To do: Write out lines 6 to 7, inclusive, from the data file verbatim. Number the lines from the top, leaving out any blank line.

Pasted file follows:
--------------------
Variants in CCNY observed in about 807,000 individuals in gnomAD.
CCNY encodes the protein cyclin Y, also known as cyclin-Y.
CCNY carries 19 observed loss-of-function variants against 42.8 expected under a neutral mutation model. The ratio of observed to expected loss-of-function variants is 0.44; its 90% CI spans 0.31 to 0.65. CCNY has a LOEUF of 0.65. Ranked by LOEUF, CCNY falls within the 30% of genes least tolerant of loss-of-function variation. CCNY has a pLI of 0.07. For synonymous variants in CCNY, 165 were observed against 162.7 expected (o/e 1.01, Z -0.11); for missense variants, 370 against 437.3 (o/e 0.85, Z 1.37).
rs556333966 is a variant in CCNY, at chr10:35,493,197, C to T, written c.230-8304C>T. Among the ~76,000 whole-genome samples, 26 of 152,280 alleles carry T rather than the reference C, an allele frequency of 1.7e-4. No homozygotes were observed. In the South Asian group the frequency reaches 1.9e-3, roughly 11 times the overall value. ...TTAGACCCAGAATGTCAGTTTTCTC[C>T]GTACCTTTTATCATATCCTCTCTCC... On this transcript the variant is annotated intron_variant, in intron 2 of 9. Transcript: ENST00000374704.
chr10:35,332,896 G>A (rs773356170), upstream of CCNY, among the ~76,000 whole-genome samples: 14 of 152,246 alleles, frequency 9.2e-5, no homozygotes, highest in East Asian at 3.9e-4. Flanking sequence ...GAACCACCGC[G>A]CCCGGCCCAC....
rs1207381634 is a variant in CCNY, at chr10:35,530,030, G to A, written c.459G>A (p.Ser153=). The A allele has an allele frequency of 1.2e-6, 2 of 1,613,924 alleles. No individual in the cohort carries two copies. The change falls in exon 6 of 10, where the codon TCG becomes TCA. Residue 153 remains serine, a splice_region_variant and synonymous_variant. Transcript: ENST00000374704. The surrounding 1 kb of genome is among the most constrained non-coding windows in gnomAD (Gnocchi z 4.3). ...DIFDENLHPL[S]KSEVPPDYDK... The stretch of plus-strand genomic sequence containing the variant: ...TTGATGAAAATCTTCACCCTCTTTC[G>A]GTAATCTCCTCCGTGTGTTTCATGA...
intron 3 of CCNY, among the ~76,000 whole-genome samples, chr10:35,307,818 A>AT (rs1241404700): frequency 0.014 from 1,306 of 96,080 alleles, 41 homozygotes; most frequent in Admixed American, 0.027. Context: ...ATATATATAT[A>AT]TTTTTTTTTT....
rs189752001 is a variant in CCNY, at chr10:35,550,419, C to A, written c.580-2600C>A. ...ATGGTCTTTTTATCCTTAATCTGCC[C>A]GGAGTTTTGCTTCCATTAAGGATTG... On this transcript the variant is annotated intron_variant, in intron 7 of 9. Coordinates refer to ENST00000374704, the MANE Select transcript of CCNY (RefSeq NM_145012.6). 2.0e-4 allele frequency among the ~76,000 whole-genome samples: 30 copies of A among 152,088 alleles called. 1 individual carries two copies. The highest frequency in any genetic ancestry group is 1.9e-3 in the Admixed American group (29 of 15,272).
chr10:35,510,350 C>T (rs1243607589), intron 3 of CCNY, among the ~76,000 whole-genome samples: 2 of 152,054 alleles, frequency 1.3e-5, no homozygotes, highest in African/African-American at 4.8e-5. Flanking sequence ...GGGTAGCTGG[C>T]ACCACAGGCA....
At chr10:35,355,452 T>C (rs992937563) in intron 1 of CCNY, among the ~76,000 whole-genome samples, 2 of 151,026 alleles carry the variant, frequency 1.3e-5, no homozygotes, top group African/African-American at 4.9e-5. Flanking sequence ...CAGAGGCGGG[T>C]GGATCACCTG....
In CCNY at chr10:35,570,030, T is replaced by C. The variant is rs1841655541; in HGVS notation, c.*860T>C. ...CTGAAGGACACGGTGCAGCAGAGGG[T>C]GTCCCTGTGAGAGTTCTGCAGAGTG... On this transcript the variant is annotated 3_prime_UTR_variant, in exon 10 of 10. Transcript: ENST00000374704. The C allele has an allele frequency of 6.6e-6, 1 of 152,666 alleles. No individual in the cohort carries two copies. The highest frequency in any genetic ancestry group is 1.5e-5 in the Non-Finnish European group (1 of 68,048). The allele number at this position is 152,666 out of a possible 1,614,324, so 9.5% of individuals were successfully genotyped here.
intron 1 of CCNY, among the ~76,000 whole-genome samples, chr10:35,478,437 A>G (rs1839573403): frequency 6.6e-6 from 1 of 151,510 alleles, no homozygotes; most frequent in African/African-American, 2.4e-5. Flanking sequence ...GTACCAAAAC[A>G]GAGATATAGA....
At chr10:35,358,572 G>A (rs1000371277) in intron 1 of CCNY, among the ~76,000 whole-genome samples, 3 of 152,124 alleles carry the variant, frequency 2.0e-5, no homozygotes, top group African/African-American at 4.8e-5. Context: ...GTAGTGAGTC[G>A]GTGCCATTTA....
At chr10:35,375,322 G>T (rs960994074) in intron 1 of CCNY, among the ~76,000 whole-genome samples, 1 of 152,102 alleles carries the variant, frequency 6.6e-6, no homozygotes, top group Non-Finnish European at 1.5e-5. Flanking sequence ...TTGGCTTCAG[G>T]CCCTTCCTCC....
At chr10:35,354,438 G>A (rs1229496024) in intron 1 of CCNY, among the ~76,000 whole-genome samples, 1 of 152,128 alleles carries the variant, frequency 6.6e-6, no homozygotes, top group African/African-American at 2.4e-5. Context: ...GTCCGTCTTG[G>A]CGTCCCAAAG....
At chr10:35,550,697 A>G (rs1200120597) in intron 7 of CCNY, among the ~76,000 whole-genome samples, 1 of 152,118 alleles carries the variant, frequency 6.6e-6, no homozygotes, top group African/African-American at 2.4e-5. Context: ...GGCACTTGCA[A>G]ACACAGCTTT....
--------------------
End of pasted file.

rs1207381634 is a variant in CCNY, at chr10:35,530,030, G to A, written c.459G>A (p.Ser153=). The A allele has an allele frequency of 1.2e-6, 2 of 1,613,924 alleles. No individual in the cohort carries two copies. The change falls in exon 6 of 10, where the codon TCG becomes TCA. Residue 153 remains serine, a splice_region_variant and synonymous_variant. Transcript: ENST00000374704. The surrounding 1 kb of genome is among the most constrained non-coding windows in gnomAD (Gnocchi z 4.3). ...DIFDENLHPL[S]KSEVPPDYDK... The stretch of plus-strand genomic sequence containing the variant: ...TTGATGAAAATCTTCACCCTCTTTC[G>A]GTAATCTCCTCCGTGTGTTTCATGA...
intron 3 of CCNY, among the ~76,000 whole-genome samples, chr10:35,307,818 A>AT (rs1241404700): frequency 0.014 from 1,306 of 96,080 alleles, 41 homozygotes; most frequent in Admixed American, 0.027. Context: ...ATATATATAT[A>AT]TTTTTTTTTT....